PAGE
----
Recently I got a call from Tony, the calm mechanic who works on my Porsche. He said my Boxster is broken. The engine failed, and it is worth nothing more than scrap metal.
What???? What the heck does engine failure mean? We just had it serviced last summer!
He started to list all the things that broke, “There is no compression in any of the cylinders, the IMS bearing failed.” He kept explaining, “It’s not worth going further. I’m really sorry. It’s such a good looking car.”
It was a beautiful car. I loved it. I drove it all the time with the top down. I enjoyed the feeling of the fresh air and sunshine on my face. Back in 2001, Beth and I bought it and drove off the dealer’s lot in Newport Beach, California.
Since then, the car has represented both good times and hard times. On many occasions, Beth and I would jump in and go for a ride through the hills or along the coast. It was such fun to get away and drive someplace.
When times were good, the Boxster reflected our success. There is nothing like driving a fast, beautiful convertible along a narrow, twisting mountain road to feel like you are on top of the world.
When times were tough, I felt I wasn’t good enough for the Porsche, and I would leave it in the garage for long stretches. That’s when I opted to drive the Ford Explorer. The big old SUV favored by the yard guys seemed to be a better reflection of me when I was feeling low.
Over the past few years, Beth and I have grown in our understanding of ourselves.
Not that long ago, I started to notice I’m ready for a new car. We test drove a new Tesla and loved it. Maybe just a little big for me, but it felt great. We put the purchase on hold. We still had some work to do.
The week before Tony’s call, I decided to clean up the Boxster. The leather was looking a little weary, and some of the trim was faded, so I picked up supplies and planned to clean it up over the weekend. I remember thinking to myself, I love this car and I’d like it to look good.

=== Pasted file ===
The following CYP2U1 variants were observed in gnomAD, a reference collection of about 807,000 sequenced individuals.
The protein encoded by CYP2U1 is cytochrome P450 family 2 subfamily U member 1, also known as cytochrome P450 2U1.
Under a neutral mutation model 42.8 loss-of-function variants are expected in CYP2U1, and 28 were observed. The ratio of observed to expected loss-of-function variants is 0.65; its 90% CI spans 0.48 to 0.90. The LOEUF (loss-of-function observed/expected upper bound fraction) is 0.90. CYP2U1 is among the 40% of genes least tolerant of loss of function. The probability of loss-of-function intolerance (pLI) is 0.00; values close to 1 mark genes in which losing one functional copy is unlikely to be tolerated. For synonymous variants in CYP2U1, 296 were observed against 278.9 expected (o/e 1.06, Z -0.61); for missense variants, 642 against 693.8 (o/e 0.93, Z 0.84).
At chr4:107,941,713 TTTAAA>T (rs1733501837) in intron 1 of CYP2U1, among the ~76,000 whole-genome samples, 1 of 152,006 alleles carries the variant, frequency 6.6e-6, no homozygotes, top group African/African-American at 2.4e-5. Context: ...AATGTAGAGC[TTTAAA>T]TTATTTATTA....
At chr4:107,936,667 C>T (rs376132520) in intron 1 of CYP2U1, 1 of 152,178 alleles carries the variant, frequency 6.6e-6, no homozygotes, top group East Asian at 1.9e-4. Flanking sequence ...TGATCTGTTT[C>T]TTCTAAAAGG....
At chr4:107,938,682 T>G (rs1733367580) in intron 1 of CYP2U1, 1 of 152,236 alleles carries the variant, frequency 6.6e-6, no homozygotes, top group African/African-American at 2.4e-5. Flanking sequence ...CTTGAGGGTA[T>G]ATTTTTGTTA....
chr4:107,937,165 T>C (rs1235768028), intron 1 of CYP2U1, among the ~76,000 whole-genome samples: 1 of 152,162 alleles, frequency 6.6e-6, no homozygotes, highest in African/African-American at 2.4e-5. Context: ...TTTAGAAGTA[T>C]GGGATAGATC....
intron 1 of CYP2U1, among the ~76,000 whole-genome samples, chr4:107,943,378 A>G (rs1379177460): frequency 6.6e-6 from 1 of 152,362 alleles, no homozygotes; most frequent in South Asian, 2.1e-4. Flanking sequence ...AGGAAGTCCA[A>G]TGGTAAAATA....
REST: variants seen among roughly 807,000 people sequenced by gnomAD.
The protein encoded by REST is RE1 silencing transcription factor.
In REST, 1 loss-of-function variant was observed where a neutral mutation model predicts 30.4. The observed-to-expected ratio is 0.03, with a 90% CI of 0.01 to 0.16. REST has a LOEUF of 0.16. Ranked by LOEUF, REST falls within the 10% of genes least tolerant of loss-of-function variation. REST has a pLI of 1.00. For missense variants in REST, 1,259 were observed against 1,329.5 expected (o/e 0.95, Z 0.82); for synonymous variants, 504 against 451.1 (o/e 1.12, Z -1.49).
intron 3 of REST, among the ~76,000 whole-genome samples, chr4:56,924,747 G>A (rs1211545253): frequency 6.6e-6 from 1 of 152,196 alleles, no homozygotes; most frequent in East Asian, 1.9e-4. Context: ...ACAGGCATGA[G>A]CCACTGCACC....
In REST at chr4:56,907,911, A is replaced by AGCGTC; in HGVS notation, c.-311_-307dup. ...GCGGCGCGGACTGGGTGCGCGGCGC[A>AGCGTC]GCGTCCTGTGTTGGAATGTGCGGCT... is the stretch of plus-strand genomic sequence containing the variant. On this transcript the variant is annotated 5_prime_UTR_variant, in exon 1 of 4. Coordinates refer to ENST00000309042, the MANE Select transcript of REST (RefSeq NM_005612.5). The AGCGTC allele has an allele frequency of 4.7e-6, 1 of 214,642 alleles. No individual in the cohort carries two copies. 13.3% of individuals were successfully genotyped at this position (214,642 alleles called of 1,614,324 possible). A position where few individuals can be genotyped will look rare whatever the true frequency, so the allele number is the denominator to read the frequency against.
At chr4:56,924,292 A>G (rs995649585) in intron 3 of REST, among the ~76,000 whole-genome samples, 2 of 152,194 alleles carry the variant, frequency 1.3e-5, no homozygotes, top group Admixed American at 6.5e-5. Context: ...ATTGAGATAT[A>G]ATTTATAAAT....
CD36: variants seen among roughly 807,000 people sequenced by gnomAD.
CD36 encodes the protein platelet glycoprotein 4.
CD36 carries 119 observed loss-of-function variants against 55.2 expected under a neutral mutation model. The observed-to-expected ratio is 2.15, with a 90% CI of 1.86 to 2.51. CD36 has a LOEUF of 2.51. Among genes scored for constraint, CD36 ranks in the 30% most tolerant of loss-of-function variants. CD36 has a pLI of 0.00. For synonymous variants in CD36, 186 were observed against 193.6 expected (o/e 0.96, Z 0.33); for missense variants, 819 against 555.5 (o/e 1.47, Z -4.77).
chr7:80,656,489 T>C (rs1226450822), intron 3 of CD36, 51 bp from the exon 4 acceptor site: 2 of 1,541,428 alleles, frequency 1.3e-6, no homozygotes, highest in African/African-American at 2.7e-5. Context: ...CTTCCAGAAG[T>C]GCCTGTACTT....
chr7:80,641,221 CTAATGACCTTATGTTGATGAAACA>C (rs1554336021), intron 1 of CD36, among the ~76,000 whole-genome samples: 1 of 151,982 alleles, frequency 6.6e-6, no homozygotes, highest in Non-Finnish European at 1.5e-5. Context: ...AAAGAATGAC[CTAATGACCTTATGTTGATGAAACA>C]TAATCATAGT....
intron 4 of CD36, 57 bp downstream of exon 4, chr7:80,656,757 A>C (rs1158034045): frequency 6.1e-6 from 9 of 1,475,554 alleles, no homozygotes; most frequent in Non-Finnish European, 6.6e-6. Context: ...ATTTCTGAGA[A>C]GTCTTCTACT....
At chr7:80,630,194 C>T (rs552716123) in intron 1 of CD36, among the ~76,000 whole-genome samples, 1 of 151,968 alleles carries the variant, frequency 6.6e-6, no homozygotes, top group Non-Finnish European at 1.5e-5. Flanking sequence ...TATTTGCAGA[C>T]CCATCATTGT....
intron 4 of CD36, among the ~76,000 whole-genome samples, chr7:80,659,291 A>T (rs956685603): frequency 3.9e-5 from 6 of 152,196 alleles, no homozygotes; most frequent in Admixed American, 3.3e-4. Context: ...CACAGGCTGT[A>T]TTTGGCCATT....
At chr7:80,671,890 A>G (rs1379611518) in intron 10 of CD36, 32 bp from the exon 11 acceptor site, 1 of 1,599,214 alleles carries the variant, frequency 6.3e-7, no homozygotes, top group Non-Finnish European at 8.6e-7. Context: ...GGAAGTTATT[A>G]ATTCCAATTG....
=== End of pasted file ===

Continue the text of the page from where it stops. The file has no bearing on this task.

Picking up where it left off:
By Sunday I was ready. I spent several hours cleaning and shining up the car. I recently replaced the floor mats and thought maybe I’d order some new trim and get that door ding repaired. I don’t need a Tesla, I have a 2001 Porsche Boxster and it looks so nice!
After it was all cleaned up, I drove it into the garage for what ended up being the last time.
On Monday morning I jumped in and turned the key. I heard a bit of a crank followed by an awful whizzing sound. Mmmm, what does that mean to me, I thought.
After spending more time thinking about that question, I realized I’m done with this phase of my life, and the Boxster was a symbol of it.
The Boxster represented and reflected a big transition in our life from living on a golf course in Southern California to starting, running and selling our software company. It reflected a time of struggle and uncertainty. It also characterized a time when we didn’t realize our thoughts matter, and we can choose them.
We long ago sold the old Ford Explorer – to one of the yard guys. We’ve also let go of much that we’ve associated with our old life. Now it’s time to let go of the Boxster.
The Boxster defined a phase in our life, and that phase is over.
We often prefer the known, even if it doesn’t fit anymore. Even when we’ve been asking for a change, and it shows up, we don’t see it as the opportunity it is.
We forget that for something new to come in, we have to make room for it. We focus on the loss and forget to look forward to what will replace it.
It’s so much easier to complain about the loss of something and the difficulties of making a change. Learning to embrace the moment and be open to what is there is the first step to change. We frequently ignore the new opportunity we have right in front of us – the change we’ve been asking for all along.
For us, it’s time to move on and continue our new and exciting journey.
Are there opportunities awaiting you behind changes occurring in your life that seem to be negative? Consider taking another look at them as the curtain hiding something you’ve been wanting in your life.